There is nothing like the birth of a child to make one appreciate Christmas. Four times, I have experienced such Christmases. Now I am experiencing my fifth. It was the birth of my first grandchild. He was named after my father, Theodore, who died 25 years ago.
The arrival of a child is a moment of great joy and great hope. With his birth, I feel as if I have a presence in a new generation that will long outlast me. I’m invested in a future I will not share. This is strangely comforting.
And though he was born in August, he is helping my experience of Advent. In prayer I am awaiting the birth of the savior, but the arrival of Theo makes this anticipation more real to me. In fact, a new birth is not just about arrival, but anticipation of what is to come next, what this tiny new birth will become. Birth is a moment to revel and yet to dream.
Advent is a time of anticipation, too. The daily readings are meant to accompany us, to focus us, to prepare us. We are asked to make ourselves ready. We wait, marking the passage of time with our Advent candles, counting the days. Drawing closer to Bethlehem.
This year has felt more Lent than Advent, but it has been a time of waiting, a year of mandated patience. We have not all done this equally well. Many of us have grown impatient at the long austerity of the COVID-19 crisis. We don’t all feel we are sharing the same burden.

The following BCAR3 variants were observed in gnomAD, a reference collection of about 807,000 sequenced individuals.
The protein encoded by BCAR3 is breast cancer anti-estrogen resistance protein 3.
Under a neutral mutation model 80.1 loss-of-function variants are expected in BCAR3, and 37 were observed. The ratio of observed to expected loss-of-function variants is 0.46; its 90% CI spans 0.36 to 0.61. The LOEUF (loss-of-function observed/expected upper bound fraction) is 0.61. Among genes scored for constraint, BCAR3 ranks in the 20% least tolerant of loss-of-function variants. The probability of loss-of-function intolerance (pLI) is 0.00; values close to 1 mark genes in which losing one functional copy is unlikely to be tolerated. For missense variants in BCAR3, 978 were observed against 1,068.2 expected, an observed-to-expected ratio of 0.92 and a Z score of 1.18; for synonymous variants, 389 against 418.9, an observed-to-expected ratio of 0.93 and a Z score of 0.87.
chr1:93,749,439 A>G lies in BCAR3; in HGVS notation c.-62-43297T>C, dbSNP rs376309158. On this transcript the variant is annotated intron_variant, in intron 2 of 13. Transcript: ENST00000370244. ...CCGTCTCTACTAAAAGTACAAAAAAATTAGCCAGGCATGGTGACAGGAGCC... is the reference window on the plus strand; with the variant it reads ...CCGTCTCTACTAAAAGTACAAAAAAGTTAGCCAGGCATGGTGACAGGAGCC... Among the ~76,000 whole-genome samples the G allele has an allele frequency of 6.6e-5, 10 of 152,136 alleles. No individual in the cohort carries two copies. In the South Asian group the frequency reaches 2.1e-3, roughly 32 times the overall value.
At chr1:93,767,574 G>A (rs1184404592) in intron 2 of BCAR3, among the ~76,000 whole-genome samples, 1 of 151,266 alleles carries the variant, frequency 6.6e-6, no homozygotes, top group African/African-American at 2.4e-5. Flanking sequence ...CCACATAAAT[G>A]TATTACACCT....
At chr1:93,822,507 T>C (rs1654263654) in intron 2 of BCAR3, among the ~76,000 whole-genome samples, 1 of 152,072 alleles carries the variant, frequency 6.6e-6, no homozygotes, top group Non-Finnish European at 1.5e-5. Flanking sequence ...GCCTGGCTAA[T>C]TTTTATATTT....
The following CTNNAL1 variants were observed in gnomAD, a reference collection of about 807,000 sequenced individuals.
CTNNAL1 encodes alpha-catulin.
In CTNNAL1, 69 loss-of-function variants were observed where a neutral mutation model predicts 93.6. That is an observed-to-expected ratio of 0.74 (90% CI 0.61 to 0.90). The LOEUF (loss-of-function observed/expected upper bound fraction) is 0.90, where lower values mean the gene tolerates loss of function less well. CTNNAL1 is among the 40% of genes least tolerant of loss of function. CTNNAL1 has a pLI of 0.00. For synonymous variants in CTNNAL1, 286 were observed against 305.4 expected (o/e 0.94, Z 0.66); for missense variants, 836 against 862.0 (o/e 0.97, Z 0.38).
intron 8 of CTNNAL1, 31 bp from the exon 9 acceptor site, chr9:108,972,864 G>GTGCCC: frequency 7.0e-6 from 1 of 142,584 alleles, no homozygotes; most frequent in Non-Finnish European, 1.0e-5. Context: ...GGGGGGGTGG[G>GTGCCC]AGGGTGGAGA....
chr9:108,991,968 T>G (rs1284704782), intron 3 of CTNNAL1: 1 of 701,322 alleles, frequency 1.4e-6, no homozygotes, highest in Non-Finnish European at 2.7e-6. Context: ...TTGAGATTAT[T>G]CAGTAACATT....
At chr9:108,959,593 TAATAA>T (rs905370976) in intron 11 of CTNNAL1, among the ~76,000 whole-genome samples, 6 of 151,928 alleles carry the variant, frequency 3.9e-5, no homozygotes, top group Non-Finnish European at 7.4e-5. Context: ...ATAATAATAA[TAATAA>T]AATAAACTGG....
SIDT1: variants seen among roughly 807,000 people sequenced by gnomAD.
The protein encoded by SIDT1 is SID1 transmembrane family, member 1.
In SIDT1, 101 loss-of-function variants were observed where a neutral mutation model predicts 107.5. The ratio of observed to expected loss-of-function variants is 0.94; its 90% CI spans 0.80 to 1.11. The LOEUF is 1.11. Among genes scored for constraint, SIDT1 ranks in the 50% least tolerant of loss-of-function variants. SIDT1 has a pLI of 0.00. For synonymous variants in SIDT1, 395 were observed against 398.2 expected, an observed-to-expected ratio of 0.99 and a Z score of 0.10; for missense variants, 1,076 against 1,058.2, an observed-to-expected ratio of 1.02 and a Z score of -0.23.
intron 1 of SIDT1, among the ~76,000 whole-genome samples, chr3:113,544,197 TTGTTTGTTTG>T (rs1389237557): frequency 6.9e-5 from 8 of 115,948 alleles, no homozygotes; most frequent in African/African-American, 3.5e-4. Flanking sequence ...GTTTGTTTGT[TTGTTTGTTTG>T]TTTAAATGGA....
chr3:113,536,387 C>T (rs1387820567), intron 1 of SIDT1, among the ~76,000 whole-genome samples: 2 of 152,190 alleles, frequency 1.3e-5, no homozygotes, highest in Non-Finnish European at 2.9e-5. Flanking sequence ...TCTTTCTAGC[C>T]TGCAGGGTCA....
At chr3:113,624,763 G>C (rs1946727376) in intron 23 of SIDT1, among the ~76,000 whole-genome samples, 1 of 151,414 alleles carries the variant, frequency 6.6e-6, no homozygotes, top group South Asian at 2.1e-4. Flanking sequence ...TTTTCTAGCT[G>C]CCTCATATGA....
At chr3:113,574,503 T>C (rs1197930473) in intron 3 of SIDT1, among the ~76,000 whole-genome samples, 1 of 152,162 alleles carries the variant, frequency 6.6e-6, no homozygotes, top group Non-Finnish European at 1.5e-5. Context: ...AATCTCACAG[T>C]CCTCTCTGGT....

Those untouched by illness may shrug off the risks or disbelieve them. Others try their best to abide by the rules, but even after months, the death toll continues to climb, the surges come in waves. The waiting seems hopeless sometimes.
The hospitals are full of suffering madonnas, nurses in an endless Pietà, stand-ins for families who cannot be at the deathbeds of their loved ones. Trailers fill with bodies and mortuaries are overwhelmed. It may be easier this Advent for some of us to believe in Good Friday than to anticipate Christmas.
Yet when I said that a new birth is not just about arrival, but anticipation of what is to come next, that is a part of Christmas. This babe that is born to us is destined to suffer and to die. This is true of every human life.
Christmas implicitly contains within it Good Friday, visualized in the Eastern icon of the manger scene nested in a cave under Golgotha. The baby in the manger, like my grandson in my arms, is not immune to this reality.
And yet this painful realization is tempered by our faith that death has been defeated once and for all by that child whose birth we anticipate now. This is our message; this is our joy. It is why so much of the Christmas season seems unsatisfying. So much of the commercial celebration is a distraction. It misses the point, really.
We celebrate the birth of our Savior because we know it to be the harbinger of the story’s end. This is God become man. This is death on the cross, yes, but it is the final victory of Easter.
So when I hold my grandchild, I hold someone who has been saved by that sacrifice, saved by that babe born so long ago.
We are waiting now. Waiting for Christmas. Waiting for the end of the pandemic. Waiting for my grandchild to become a boy, to become a man. And while we wait, we give thanks that we know how the story ends.
Greg Erlandson, director and editor-in-chief of Catholic News Service, can be reached at [email protected]
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